Some of the most important evidence against the autochthonous theory is not how the coal forms, but what we find in it. It is very common to find plant fossils inside coal deposits. While many of these plants do have the ability to thrive in swampy climates, according to their anatomy, they prefer well drained soil. It also has been found that swamps have a greater accumulation of peat in cooler climates. Swamps that are exposed to the sun have smaller peat deposits due to evaporation. 
Another interesting thing about the fossils found in coal deposits is that we find marine fossils in coal. These marine fossils being found along with non marine plants suggests that the two were mixed during transport. An example of this is the small marine tubeworm Spirorbis. This worm is often time found attached to Carboniferous coals of Europe and North America. 
Dr. Andrew Snelling and John Mackay have done much research on the rapid formation of coal. Most of their work focuses on the use of the Newcastle coals as an analog for the formation of diluvian coal. The coal seams of interest were the Upper and Lower Pilot. They provide evidence that the trees ,that were later transformed into coal, found there were deposited quickly via deposited ash and mud flows. They then note that "the logs and coal seams at Swansea Heads and Quarries Head in the Newcastle area, and the Awaba marker bed above them are more readily and consistently explained by invoking a rapid and catastrophic allochthonous origin using the Mount St. Helens event as a model, rather than the buried peat swamp hypothesis."
Whitcomb and Morris on subject
- Coal is the end product of the metamorphism of tremendous quantities of plant remains under the action of temperature, pressure and time. Coal has been found throughout the geologic column and in all parts of the world, even in Antarctica. Many coal fields contain great numbers of coal-bearing strata, interbedded with strata of other materials, each coal seam having a thickness which may vary from a few inches to several feet. And each foot of coal must represent many feet—just how many, no one knows—of plant remains, so that the coal measures testify of the former existence of almost unimaginably massive accumulations of buried plants.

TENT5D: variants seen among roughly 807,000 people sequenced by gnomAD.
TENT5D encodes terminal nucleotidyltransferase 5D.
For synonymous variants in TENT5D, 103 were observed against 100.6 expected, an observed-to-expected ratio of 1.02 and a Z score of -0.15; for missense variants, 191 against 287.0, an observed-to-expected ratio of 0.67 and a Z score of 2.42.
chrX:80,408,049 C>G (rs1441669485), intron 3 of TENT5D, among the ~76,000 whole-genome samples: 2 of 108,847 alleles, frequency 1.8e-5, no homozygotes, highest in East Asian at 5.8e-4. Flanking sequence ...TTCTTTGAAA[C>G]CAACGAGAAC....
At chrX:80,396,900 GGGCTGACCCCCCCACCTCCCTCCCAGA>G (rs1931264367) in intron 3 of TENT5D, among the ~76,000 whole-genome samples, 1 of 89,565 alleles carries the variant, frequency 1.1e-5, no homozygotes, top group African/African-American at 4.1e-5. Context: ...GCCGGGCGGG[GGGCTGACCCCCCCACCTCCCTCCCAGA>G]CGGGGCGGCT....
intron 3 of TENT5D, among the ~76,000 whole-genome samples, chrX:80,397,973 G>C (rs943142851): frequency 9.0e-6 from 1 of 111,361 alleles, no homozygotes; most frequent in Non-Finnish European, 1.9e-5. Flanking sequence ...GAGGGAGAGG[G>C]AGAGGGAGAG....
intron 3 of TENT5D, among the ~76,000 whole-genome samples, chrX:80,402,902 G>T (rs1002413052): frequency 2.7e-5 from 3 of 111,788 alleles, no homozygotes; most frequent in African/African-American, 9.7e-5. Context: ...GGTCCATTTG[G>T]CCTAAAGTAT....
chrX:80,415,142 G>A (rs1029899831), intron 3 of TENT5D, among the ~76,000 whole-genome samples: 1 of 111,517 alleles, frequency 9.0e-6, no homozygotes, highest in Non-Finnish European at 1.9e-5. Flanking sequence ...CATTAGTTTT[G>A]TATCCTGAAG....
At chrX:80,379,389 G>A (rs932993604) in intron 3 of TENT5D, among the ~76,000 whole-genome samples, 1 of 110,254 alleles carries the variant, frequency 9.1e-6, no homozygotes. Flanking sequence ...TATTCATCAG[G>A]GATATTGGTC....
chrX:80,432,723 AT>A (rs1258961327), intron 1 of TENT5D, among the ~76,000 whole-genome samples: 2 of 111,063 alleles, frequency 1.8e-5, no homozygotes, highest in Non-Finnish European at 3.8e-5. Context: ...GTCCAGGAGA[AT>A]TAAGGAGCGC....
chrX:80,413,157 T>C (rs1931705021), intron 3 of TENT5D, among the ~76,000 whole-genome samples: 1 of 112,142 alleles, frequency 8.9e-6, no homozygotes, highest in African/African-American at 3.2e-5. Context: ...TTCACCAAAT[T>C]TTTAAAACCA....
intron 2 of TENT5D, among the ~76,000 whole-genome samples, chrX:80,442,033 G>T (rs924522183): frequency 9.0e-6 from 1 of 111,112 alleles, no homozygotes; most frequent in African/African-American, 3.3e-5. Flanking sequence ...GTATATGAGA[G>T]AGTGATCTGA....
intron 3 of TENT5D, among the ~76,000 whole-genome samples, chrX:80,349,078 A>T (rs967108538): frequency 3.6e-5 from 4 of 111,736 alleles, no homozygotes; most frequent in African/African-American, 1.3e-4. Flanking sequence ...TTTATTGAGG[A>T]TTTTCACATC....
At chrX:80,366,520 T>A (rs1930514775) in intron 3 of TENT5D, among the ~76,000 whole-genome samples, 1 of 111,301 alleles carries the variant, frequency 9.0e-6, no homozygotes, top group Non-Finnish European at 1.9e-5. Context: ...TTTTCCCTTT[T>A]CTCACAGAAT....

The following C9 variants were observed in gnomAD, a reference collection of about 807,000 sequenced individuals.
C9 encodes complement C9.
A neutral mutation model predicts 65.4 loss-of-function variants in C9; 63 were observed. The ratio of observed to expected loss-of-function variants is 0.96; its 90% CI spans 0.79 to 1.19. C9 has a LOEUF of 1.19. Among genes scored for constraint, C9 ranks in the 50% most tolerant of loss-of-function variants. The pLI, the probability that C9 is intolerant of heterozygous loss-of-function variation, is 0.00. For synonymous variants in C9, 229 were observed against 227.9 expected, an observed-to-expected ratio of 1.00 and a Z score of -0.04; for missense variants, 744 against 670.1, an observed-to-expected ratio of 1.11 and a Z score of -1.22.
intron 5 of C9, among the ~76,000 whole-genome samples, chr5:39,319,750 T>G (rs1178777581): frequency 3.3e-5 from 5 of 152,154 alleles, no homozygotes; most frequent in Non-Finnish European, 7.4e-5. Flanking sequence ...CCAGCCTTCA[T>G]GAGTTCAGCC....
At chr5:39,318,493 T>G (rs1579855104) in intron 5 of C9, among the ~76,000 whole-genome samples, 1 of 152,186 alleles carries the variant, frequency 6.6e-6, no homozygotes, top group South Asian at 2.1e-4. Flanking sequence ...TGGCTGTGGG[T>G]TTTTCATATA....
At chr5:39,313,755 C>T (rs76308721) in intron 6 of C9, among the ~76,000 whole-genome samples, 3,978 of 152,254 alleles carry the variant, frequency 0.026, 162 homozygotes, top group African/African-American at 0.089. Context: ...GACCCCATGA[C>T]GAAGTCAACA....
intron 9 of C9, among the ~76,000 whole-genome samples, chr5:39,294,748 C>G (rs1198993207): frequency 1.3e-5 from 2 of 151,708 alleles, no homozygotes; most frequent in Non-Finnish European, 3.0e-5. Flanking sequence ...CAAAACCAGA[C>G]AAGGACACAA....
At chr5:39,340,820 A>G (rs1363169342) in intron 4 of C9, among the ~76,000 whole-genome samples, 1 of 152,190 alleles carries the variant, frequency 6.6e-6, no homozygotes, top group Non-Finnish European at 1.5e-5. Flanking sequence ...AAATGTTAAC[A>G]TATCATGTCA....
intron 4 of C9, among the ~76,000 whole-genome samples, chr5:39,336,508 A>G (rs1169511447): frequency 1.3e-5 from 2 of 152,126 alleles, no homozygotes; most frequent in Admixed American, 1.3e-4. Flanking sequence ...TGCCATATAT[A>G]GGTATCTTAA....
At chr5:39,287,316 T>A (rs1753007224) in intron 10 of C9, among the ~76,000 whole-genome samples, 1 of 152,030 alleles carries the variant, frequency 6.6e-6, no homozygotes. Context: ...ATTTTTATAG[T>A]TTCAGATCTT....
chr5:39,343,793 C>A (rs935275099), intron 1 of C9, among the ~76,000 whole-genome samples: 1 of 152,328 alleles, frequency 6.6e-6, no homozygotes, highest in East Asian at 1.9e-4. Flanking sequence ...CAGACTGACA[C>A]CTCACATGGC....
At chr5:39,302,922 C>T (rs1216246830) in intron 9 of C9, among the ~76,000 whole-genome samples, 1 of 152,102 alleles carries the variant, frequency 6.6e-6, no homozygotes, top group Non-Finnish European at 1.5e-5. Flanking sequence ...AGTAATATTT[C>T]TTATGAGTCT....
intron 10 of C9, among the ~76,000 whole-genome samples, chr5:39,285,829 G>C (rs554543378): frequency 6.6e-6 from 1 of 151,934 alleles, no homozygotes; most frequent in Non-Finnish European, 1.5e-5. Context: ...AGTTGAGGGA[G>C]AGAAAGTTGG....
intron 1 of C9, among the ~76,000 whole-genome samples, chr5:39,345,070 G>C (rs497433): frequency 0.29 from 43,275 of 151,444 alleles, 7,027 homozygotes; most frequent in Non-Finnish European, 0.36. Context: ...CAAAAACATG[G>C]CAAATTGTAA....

- Coal geologists have long been divided into two camps, those favoring the autochthonous (growth-in-place) theory of coal origin and those favoring the allochthonous (transportation and deposition) theory [which is consistent with the Noahic Flood]. Consistent uniformitarianism, of course, tends to favor the former and attempts to picture the coal-forming [growth in place theory] process in terms of modern peat deposits forming under swamplands, such as in the Dismal Swamp of Virginia. The great thickness of the coal beds is accounted for on this theory by assuming a continuous subsidence [= a subsiding: a sinking of vegetation to the 'bottom'] of the land more or less keeping up with the slow accumulation of plant remains. The interbedded strata of non-carbonaceous deposits [= inorganic material] are [again] explained by [assuming] alternating marine transgressions [i.e., periodic local flooding] and resulting periods of sediment deposition. A wide variety of types of these intervening sediments have been noted and attempts made to explain them in terms of 'cyclothems' or recurring cycles of deposition of different kinds of materials corresponding to the different stages of marine transgression and regression...
- If the autochthonous theory of coal bed is correct, it is testimony to quite a marvelous sequence of circumstances. One or two or three coal seams formed by alternate stages of swamp growth, peat accumulation, marine transgression and emergence, etc., might be believable, but the assertion that this cycle was repeated scores of times in the same spot, over a period of perhaps millions of years, is not so easy to accept...